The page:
Is CNA even worth going for?
- 0Apr 18, '13 by angellove6776I was at the clinic today and I spoke to a girl who was an LPN and me and her got into a conversation about how she went about becoming an LPN. I shared with her that I was going to take a CNA course that was going to be free. She went ahead and said "why? Just go for nursing". Then I went to get my blood drawn by the phlebotomist and she told me she was a medical assistant with training in phlebotomy and I asked her if she thought going for CNA was worth it and she went on a rant. " why would you want to wipe someone's ass? You aren't going to work in a hospital you will work in a nursing home". This made me feel kind of dumb for even thinking of doing CNA but I will take the course and complete it just to say I started from the bottom I guess. I felt that there was so much negativity towards becoming a CNA but I think becoming a CNA will test me to see if I really want this. Any advice? Do you regret becoming a CNA? Has it helped you become a better nurse? Person? Any input will be great thanks!
- 1Apr 18, '13 by ILoveHealthCareI'm a medical assistant and I'm currently in school for vocational nursing and the medical assistant at my doctors office had that reaction as to why I would go for lvn instead of rn. Each person has their own reason. I don't think it's a bad thing to start as a cna. Many of my classmates did and we have a better foundation with medical experience. Good luck!
It's a beautiful day to save lives.
- 2Apr 19, '13 by swarren3In kansas you have to have your cna to do anything in the nursing field. Plus it is a humbling experience that has taught me great patience and real resident care. I plan on workin my way up to bsn but even with that the baby steps you take now make a firm foundation to work from.
- 1Apr 19, '13 by ebinbrooklynI did CNA for four years and it's a very tough job but you make some amazing contacts and depending on those relationships sometimes people give you opportunities out of your scope of duty. With just my CNA and several years of experience I ended up working for a plastic surgeon assisting in surgery and helping the RN run the office, so you can make a lot of it and use it as a stepping stone to bigger things!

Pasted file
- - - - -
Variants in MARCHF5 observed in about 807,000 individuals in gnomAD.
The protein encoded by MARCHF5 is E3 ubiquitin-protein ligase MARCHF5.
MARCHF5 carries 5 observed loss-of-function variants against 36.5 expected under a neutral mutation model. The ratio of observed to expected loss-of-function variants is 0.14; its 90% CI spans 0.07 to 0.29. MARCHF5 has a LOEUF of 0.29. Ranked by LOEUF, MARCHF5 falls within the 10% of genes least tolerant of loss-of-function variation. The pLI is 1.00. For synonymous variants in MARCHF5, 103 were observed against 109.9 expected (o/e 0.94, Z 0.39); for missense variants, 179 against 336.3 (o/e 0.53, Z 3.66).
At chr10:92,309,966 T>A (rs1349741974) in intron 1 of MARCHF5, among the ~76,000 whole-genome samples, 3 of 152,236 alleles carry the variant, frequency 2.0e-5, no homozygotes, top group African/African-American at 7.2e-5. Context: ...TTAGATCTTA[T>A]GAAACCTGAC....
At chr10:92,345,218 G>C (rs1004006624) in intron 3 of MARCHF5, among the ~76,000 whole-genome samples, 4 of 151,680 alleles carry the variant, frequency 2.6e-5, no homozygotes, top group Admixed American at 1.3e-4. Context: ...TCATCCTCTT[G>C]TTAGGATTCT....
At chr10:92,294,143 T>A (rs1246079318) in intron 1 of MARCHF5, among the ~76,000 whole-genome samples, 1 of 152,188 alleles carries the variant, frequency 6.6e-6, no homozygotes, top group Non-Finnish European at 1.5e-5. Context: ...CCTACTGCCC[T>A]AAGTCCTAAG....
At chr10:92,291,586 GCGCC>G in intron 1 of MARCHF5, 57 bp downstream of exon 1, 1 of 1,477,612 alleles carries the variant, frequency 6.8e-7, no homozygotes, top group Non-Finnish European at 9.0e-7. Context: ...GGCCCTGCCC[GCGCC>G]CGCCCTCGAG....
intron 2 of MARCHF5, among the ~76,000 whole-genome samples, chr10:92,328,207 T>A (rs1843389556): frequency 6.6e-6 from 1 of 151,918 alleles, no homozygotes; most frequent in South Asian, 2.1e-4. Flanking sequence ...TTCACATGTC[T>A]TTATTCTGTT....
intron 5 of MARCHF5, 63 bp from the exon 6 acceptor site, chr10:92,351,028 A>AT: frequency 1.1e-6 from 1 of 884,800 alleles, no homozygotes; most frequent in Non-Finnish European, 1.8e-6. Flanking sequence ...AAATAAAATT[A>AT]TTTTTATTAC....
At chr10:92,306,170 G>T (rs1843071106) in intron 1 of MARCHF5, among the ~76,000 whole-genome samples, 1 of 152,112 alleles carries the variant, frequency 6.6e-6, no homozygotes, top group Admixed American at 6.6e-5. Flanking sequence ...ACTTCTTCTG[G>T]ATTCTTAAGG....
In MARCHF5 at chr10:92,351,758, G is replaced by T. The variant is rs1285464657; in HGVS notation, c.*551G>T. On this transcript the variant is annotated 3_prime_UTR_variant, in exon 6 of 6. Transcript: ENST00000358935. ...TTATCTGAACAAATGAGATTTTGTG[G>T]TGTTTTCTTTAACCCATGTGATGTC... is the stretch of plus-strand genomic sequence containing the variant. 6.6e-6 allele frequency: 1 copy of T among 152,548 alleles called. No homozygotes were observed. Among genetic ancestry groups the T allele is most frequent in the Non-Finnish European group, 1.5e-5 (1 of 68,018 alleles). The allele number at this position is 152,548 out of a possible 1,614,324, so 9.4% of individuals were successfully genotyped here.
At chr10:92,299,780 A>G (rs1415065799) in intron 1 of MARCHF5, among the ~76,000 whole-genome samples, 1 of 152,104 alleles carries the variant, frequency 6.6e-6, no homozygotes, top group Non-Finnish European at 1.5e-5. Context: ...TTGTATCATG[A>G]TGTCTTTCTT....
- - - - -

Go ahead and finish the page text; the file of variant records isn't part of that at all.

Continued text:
- 3Apr 19, '13 by maddiemBeing a CNA might not be a pretty job, but if you are going to become an RN one day it will be very helpful when you get to nursing school. The concepts you learn in a CNA class are the very basics of nursing in general. You will be ahead at the start of nursing school and you'll understand your Fundamentals class much easier as well. Plus, it will teach you later on to respect the CNA's you work with when you are and RN. I have a friend who worked as a CNA in nursing school and she is now an RN. She said she was really glad she spent time as a CNA and that it taught her a lot. You get more comfortable around patients and your first RN job might not be as 'scary' because you have already spent time actually working in a facility, not just clinicals.
So I say that you should go for your CNA! Especially if you are going to do it for free. Just be sure to work at a nice facility when you get certified because that will be a huge factor to how much you will enjoy your job. CNA work isn't pretty and can be very hard work, so working for a good facility kind of balances everything out
- 1Apr 19, '13 by mbrookeRNJust to say you "started from the bottom" isn't a good reason to do it. Working as a CNA in a nursing home is a completely different job than working as an RN in, say, a hospital. If you want to become a CNA and work in a nursing home, take the CNA class. If you want to become a nurse, go to nursing school. It's really that simple : )
Having experience as a CNA/LPN does help people in nursing school/starting off as new nurses. However, there are plenty of people that get their RNs with no healthcare experience at all and they tend to catch up pretty quickly.
- 2Apr 19, '13 by MrChicagoRNI was an EMT for about 6 months before entering nursing school.
Years ago, I never heard anyone consider becoming a CNA before becoming a RN. However, now it does provide an advantage over other new grads with no clinical experience.
It's really up to you.
- 3Apr 20, '13 by MommaTyI think going for a CNA before nursing is the best. You get to see if you really like healthcare. If you can't handle CNA you wont be able to handle being a nurse. I have been a CNA for almost 10 years in May. I like that I experienced a lot. I know for sure that nursing is for me. I just got accepted to the ADN program for fall 2013. Some schools require you to have it before you apply and others who don't require it actually gives you a lot of points toward getting into the program. They look for it because so many people who apply never had healthcare experience and then drop nursing because they had no idea what they were getting into.